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California's Prop 65, the first and only consumer "right to know" law in the U.S., requires businesses to post warning labels about toxins that may be present that could cause reproductive harm or cancer. Many companies, rather than put warnings on products, reformulated products to remove the toxins. Since California is such a large market, these toxin-free products are now distributed nationally, with all states receiving the benefit of Prop 65, notes KQED.
With all things, there's a dark side and the negative impact of Prop 65 is the increase in "shakedown" lawsuits initiated by attorneys to get quick settlements that are very lucrative for them. As a result, California's legislature is considering AB 227 -- a law to reform Prop 65 to allow businesses to avoid lawsuits if they pay a $500 fine and correctly post warning signs within fourteen days of receiving notice.
The latest product to come under the scrutiny of Prop 65 advocates is -- well, the one thing you want free and clear of toxins -- baby food.
The Environmental Law Foundation sued baby food manufacturers, including Dole, Gerber, and Beech-Nut, claiming that some foods contain unsafe levels of lead, and demanding that either Prop 65 warning labels be added, or the toxins removed from the food. Bloomberg notes that the foods particularly at issue contain sweet potatoes, carrots, pears, peaches and grape juice.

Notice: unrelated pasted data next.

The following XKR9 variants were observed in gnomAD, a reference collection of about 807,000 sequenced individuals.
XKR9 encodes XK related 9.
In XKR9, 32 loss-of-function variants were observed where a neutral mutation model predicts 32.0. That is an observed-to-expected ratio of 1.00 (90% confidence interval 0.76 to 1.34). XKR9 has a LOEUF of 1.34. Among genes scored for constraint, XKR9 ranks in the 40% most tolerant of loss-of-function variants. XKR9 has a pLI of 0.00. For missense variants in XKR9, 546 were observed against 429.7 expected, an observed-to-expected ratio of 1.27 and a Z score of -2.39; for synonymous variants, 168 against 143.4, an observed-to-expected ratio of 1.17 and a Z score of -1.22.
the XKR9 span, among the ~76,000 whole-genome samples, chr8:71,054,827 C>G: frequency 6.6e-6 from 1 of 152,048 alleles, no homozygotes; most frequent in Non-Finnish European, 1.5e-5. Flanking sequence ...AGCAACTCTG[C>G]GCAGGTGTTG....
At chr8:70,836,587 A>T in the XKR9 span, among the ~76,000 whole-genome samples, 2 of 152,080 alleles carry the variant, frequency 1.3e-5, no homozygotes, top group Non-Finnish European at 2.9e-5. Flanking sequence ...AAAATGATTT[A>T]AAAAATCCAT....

In a tentative ruling, Judge Stephen Brick, of the California Superior Court in Oakland, found that "Defendants need not provide Prop 65 warnings on their products." He rejected defendants' first two arguments: (1) that federal law preempted Prop 65 warnings; and (2) that the lead in the baby food was naturally occurring. Judge Brick, however, found defendants' argument that the exposure in question was below the "safe harbor" level of 0.5 micrograms, (microgram = one millionth of a gram) per day of lead, persuasive.
Finding a balance in protecting consumers and businesses will be difficult. Hopefully, Prop 65 reforms will discourage shakedown lawsuits without affecting consumer safety.